Cops Who Hid Drone May Have Violated FAA Flying Rules



The San Jose Police Department (SJPD) has been in hot water recently over its acquisition of a camera-equipped unmanned aerial vehicle (UAV), a.k.a. drone. They've spent years dodging public record requests about their toy, and now, they may have just admitted violating federal regulations about flying it.

Ars Technica reported earlier this week that they reached out to the department and were assured that "all regulations the [Federal Aviation Administration] requires regarding its drone use" are being followed. Except maybe they aren't:

"The SJPD will seek a [Certificate of Waiver or Authorization (COA)] if that is required," SJPD spokesman Albert Morales told Ars. "The SJPD obtained FAA literature regarding requirements for an [unmanned aerial system, or UAS], prior to procuring the UAS."

Curiously, Morales added that his agency has already tested its drone "approximately four times at SJPD facilities." Morales did not immediately provide further details, but such tests could possibly be in violation of FAA rules.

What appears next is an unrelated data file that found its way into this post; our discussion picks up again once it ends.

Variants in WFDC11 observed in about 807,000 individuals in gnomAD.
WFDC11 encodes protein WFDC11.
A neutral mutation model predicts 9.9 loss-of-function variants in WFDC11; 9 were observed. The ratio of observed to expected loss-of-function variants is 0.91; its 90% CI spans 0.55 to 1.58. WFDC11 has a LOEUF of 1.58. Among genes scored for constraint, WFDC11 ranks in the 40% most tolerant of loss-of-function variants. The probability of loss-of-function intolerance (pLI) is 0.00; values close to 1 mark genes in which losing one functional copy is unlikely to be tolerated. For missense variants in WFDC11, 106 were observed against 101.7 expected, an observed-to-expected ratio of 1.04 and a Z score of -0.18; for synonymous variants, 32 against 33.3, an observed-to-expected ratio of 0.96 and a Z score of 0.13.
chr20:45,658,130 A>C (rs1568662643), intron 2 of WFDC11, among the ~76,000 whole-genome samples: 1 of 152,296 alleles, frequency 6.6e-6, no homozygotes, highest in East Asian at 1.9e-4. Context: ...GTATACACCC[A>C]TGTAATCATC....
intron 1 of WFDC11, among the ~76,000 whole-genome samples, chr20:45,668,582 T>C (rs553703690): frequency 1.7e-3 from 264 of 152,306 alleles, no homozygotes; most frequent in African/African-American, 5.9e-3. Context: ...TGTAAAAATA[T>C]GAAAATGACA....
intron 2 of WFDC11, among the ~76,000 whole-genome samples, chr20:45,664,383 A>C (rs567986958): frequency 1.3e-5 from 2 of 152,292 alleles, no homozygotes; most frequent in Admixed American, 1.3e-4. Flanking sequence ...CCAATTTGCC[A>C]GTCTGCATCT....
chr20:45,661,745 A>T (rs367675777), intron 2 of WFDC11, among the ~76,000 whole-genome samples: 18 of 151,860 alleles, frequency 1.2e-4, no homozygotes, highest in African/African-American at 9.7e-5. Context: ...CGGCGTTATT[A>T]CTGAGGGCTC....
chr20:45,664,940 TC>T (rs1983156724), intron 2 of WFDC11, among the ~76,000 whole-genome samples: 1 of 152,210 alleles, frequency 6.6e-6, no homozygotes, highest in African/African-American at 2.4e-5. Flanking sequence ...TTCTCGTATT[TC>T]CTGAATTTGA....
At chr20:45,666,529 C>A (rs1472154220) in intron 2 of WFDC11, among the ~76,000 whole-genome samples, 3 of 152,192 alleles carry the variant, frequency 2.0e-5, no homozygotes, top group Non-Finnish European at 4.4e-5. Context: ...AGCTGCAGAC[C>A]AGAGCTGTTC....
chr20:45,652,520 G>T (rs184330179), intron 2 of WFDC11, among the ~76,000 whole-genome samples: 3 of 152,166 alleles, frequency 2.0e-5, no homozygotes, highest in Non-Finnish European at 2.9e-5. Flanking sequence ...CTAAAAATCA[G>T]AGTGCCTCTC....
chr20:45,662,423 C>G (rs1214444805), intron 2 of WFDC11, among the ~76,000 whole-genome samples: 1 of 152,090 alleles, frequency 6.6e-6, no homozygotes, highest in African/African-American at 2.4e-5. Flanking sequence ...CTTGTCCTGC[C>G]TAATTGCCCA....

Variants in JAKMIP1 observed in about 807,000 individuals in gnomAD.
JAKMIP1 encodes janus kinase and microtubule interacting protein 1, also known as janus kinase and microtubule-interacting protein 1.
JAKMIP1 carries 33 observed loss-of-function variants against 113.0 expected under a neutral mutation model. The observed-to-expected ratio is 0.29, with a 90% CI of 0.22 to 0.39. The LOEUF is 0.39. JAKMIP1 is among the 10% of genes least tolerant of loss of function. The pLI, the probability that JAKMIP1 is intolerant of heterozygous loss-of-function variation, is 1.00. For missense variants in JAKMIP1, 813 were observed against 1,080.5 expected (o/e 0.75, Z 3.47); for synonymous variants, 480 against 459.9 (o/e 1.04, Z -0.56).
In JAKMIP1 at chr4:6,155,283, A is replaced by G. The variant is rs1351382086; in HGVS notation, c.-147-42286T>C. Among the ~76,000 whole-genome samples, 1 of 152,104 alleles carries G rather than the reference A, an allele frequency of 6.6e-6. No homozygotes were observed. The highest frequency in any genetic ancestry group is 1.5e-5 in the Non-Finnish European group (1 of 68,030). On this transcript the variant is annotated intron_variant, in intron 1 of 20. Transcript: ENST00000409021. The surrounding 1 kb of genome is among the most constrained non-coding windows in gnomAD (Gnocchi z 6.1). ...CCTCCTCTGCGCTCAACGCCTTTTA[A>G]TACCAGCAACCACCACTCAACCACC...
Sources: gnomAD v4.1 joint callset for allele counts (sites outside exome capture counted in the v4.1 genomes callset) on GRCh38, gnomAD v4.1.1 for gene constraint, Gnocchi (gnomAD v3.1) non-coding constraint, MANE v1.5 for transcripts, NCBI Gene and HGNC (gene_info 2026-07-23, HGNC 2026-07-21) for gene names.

"Anyone who wants to fly an aircraft—manned or unmanned—in US airspace needs some level of authorization from the FAA to ensure the safety of our skies," Ian Gregor, an FAA spokesman for the Pacific Division, previously told Ars in a statement. "The FAA authorizes UAS operations that are not for hobby or recreation on a case-by-case basis. Public entities (federal, state, and local governments and public universities) may apply for a COA, which, when approved, provides authorization for [unmanned aircraft systems] operations in the [national airspace system]."

Another FAA spokesman, Allen Kenitzer, did not provide a definitive answer when contacted for this piece. "All we can say at this point is that we're looking into this."

The SJPD has previously claimed it has never flown the drone and wouldn't until it got FAA clearance. But they can't really keep their story straight. Internal documents that were made public indicate that the department believed it didn't need no stinkin' FAA approval: "The UAV is not a drone. Drones are regulated by the FAA. The FAA doesn't regulate our device." 

To be fair, the FAA's guidelines on drones are pretty confusing, incomplete, and arguably haven't got legal weight behind them, but it seems if any group of people should be holding themselves to the rules, it's people who are paid to enforce rules.